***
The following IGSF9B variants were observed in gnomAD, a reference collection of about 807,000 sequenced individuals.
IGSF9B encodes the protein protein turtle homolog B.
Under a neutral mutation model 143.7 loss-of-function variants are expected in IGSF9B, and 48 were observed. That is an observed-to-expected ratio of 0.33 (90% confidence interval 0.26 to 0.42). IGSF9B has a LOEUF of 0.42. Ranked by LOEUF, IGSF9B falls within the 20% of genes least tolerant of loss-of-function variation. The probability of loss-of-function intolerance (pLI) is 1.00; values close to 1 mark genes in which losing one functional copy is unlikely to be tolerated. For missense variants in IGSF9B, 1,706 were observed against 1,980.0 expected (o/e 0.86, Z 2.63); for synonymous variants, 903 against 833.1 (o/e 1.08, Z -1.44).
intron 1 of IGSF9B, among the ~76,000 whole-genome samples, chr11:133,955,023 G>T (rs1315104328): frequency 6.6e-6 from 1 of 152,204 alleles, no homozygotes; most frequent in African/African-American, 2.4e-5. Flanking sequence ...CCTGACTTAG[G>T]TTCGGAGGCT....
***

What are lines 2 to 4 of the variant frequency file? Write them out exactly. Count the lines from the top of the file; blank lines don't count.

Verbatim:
IGSF9B encodes the protein protein turtle homolog B.
Under a neutral mutation model 143.7 loss-of-function variants are expected in IGSF9B, and 48 were observed. That is an observed-to-expected ratio of 0.33 (90% confidence interval 0.26 to 0.42). IGSF9B has a LOEUF of 0.42. Ranked by LOEUF, IGSF9B falls within the 20% of genes least tolerant of loss-of-function variation. The probability of loss-of-function intolerance (pLI) is 1.00; values close to 1 mark genes in which losing one functional copy is unlikely to be tolerated. For missense variants in IGSF9B, 1,706 were observed against 1,980.0 expected (o/e 0.86, Z 2.63); for synonymous variants, 903 against 833.1 (o/e 1.08, Z -1.44).
intron 1 of IGSF9B, among the ~76,000 whole-genome samples, chr11:133,955,023 G>T (rs1315104328): frequency 6.6e-6 from 1 of 152,204 alleles, no homozygotes; most frequent in African/African-American, 2.4e-5. Flanking sequence ...CCTGACTTAG[G>T]TTCGGAGGCT....